President Mahmoud Ahmadinejad's declaration — that "the Iranian nation is ready for talks (with the U.S.) but in a fair atmosphere with mutual respect" — could mean everything. Or nothing.
Although he was speaking at the vast rally in Tehran marking the 30th anniversary of Iran's Islamic Revolution, Ahmadinejad is also a politician on the stump. He's campaigning for re-election as Iran's President in four months.
Those in the crowd who long for better relations with the U.S. will have heard in the President's speech a promise of rapprochement. But to those who fear America — as many do — the phrase "mutual respect" means Iran won't negotiate if there's any pressure to stop its nuclear program or its support of Hamas and Hezbollah.
The festivities celebrating the 30th anniversary of the Islamic Revolution have been going on for the past 10 days, and they've been studded with decidedly unfriendly messages to the United States.
On Jan. 31, a crowd gathered at Ayatollah Khomeini's tomb chanted "Death to America," led by one of Iran's most senior clerics and politicians, Hashemi Rafsanjani.
Two days later, Iran fired a rocket carrying its first home-built satellite into space — an unambiguous demonstration that Iran has developed powerful missile technology, with obvious military applications.
Then, on Feb. 4, Iran abruptly refused to issue visas for the U.S. women's badminton team after having invited them to participate in a tournament in Tehran. The event would have been the first U.S.-Iranian exchange since President Obama's inauguration.
A carnival atmosphere reigned at today's rally, reports CBS News Leily Lankarani. There were drawing competitions for children, marching bands, free hats and snacks. There were also banners that read "Down with the USA".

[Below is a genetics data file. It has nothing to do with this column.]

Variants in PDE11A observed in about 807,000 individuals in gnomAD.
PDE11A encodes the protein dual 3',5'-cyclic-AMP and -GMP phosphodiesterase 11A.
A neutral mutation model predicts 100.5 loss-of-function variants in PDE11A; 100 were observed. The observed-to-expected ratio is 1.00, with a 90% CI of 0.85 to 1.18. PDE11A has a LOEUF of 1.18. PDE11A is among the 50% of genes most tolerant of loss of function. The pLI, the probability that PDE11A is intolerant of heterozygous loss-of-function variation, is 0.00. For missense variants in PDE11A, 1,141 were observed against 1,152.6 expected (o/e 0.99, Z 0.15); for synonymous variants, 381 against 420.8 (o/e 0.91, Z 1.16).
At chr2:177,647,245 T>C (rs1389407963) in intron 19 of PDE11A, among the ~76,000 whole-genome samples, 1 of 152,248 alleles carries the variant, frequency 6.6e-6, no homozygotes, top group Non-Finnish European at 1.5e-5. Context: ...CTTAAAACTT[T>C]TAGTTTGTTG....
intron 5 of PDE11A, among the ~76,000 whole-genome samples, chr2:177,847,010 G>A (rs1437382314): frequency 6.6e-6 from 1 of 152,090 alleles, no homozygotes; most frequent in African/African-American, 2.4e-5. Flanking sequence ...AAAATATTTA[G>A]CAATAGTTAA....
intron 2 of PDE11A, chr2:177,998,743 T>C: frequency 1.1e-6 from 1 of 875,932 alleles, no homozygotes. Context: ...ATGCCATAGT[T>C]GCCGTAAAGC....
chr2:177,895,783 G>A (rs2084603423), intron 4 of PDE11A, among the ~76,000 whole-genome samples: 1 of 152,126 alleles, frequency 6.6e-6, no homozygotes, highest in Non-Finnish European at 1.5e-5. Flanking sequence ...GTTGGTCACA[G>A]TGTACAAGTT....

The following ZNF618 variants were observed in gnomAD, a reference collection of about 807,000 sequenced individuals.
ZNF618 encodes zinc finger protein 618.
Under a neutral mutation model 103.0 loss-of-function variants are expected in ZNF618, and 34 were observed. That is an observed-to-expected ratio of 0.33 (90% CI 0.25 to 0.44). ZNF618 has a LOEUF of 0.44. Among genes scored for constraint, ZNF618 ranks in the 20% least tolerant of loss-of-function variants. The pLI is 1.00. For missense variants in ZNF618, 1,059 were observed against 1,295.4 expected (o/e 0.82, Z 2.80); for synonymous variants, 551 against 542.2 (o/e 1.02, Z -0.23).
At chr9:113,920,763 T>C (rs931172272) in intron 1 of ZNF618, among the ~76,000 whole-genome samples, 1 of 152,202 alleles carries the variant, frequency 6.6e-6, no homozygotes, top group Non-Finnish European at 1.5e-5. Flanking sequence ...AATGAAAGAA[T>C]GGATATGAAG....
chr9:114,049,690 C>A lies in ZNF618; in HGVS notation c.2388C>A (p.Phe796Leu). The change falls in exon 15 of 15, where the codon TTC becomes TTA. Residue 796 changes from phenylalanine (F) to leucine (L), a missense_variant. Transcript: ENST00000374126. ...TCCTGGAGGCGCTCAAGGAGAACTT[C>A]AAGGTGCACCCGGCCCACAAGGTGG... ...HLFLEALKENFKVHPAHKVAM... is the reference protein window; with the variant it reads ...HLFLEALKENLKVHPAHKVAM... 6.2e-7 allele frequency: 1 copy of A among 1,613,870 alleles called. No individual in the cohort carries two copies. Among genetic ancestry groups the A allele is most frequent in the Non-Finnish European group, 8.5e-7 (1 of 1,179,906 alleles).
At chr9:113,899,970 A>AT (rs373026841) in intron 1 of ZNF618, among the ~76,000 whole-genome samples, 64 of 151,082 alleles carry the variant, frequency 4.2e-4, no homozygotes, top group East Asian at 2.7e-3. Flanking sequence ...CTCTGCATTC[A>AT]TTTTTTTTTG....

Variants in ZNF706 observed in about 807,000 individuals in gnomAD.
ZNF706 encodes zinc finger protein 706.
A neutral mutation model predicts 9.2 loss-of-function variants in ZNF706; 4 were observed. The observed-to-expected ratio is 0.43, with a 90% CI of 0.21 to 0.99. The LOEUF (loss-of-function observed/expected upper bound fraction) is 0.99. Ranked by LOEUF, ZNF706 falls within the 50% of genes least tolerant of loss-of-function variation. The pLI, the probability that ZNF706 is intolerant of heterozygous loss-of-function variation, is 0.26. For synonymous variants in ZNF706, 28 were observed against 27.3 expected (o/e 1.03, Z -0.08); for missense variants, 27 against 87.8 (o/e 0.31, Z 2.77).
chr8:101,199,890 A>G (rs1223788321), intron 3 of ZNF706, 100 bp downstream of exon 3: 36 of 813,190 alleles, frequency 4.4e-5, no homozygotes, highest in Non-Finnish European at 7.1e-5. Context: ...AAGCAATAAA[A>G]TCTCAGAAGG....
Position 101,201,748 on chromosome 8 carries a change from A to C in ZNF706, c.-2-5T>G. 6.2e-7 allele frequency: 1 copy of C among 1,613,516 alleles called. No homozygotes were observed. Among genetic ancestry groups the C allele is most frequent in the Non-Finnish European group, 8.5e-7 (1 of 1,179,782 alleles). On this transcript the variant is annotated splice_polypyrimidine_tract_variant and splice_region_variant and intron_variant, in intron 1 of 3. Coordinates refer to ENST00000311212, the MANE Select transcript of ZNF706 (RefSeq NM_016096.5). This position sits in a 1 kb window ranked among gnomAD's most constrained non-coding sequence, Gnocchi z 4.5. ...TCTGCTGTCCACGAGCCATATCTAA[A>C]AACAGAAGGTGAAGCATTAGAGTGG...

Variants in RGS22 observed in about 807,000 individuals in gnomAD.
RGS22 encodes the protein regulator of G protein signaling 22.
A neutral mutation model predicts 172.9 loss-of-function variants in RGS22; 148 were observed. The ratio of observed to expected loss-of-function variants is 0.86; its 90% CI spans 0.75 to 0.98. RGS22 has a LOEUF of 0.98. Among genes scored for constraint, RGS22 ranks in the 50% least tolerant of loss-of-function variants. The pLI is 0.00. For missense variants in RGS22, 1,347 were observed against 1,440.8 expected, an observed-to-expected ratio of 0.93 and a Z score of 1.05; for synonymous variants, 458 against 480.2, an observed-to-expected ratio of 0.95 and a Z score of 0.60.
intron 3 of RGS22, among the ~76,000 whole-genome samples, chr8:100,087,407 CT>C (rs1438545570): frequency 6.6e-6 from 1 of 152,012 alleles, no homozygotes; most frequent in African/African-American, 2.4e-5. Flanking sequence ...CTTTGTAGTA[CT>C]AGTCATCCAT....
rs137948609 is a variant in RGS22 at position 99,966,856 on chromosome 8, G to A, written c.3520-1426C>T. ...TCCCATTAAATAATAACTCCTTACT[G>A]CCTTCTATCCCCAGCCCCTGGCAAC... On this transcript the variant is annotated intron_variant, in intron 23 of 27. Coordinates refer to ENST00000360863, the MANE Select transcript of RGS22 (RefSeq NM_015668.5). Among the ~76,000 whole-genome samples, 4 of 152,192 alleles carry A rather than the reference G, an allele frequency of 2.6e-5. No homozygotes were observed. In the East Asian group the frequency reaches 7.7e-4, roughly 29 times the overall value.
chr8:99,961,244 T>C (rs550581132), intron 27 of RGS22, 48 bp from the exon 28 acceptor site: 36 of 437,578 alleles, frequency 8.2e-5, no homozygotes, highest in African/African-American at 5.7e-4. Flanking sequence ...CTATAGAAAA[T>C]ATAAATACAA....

How many people who turned out at the rally really do want improved relations with the United States?
There's little reliable data, but one poll from a year ago found just over half of Iranians questioned (57 percent) favored open-ended talks with the United States. But it's much less clear what proportion of the revolutionary Islamic leadership favors rapprochement.
During a trip to Tehran last week, I was told by a senior figure in the regime, "It is better for us to have frozen relations with America. Certainly there is no immediate benefit to better relations, and the citizens of Iran don't think it's a priority. They can't see how a rapprochement would concretely improve their lives."
Some progressive clerics and political leaders do see how better relations could improve Iranian lives — with freer travel, improved technology and much-needed investment.
But the Iranian leadership is trapped by its own rhetoric. "Death to America" is more than just a slogan left over from the late 1970's when the U.S. supported the Shah. It is a political tool that has allowed the regime to blame any setback on America — from the weak economy to unrest among ethnic minorities.
Giving it up will require deft revisionism, as well as courage — especially if negotiations bring pressure for political and economic reforms.
As a gifted populist politician, Mahmoud Ahmadinejad knows this as well as anyone. That's why his comments today are so usefully ambiguous, designed to buy time while he and the rest of the leadership contemplate their next move.